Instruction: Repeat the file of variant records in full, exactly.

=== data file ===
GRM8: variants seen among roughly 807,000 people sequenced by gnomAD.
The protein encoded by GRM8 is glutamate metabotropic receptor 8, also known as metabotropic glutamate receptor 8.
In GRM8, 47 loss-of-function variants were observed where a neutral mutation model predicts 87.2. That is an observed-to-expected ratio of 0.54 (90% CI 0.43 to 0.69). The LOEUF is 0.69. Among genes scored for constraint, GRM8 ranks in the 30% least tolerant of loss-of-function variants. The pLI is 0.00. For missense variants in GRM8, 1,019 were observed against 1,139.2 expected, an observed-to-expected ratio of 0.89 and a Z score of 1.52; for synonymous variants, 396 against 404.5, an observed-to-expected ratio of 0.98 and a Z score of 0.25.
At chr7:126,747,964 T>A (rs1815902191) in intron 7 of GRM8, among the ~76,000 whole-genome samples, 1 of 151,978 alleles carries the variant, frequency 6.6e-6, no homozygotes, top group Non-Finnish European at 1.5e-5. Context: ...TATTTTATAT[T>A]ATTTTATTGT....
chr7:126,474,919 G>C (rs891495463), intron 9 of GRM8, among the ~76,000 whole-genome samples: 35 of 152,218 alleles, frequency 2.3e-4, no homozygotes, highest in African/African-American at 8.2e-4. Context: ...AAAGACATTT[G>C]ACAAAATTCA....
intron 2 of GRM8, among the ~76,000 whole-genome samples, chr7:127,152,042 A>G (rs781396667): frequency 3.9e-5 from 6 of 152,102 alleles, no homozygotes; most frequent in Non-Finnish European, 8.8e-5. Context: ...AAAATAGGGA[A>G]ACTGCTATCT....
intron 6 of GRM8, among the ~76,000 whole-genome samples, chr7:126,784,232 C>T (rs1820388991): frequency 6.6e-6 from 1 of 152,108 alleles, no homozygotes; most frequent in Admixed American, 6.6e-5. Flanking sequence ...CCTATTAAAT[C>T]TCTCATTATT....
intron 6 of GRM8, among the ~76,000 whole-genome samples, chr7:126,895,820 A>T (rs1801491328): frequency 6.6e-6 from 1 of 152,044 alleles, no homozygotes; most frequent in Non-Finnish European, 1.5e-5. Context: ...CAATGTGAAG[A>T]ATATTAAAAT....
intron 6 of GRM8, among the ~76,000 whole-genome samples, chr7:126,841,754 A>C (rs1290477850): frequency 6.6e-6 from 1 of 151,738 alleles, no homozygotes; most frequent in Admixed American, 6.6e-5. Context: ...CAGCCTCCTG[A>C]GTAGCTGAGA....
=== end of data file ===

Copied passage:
GRM8: variants seen among roughly 807,000 people sequenced by gnomAD.
The protein encoded by GRM8 is glutamate metabotropic receptor 8, also known as metabotropic glutamate receptor 8.
In GRM8, 47 loss-of-function variants were observed where a neutral mutation model predicts 87.2. That is an observed-to-expected ratio of 0.54 (90% CI 0.43 to 0.69). The LOEUF is 0.69. Among genes scored for constraint, GRM8 ranks in the 30% least tolerant of loss-of-function variants. The pLI is 0.00. For missense variants in GRM8, 1,019 were observed against 1,139.2 expected, an observed-to-expected ratio of 0.89 and a Z score of 1.52; for synonymous variants, 396 against 404.5, an observed-to-expected ratio of 0.98 and a Z score of 0.25.
At chr7:126,747,964 T>A (rs1815902191) in intron 7 of GRM8, among the ~76,000 whole-genome samples, 1 of 151,978 alleles carries the variant, frequency 6.6e-6, no homozygotes, top group Non-Finnish European at 1.5e-5. Context: ...TATTTTATAT[T>A]ATTTTATTGT....
chr7:126,474,919 G>C (rs891495463), intron 9 of GRM8, among the ~76,000 whole-genome samples: 35 of 152,218 alleles, frequency 2.3e-4, no homozygotes, highest in African/African-American at 8.2e-4. Context: ...AAAGACATTT[G>C]ACAAAATTCA....
intron 2 of GRM8, among the ~76,000 whole-genome samples, chr7:127,152,042 A>G (rs781396667): frequency 3.9e-5 from 6 of 152,102 alleles, no homozygotes; most frequent in Non-Finnish European, 8.8e-5. Context: ...AAAATAGGGA[A>G]ACTGCTATCT....
intron 6 of GRM8, among the ~76,000 whole-genome samples, chr7:126,784,232 C>T (rs1820388991): frequency 6.6e-6 from 1 of 152,108 alleles, no homozygotes; most frequent in Admixed American, 6.6e-5. Flanking sequence ...CCTATTAAAT[C>T]TCTCATTATT....
intron 6 of GRM8, among the ~76,000 whole-genome samples, chr7:126,895,820 A>T (rs1801491328): frequency 6.6e-6 from 1 of 152,044 alleles, no homozygotes; most frequent in Non-Finnish European, 1.5e-5. Context: ...CAATGTGAAG[A>T]ATATTAAAAT....
intron 6 of GRM8, among the ~76,000 whole-genome samples, chr7:126,841,754 A>C (rs1290477850): frequency 6.6e-6 from 1 of 151,738 alleles, no homozygotes; most frequent in Admixed American, 6.6e-5. Context: ...CAGCCTCCTG[A>C]GTAGCTGAGA....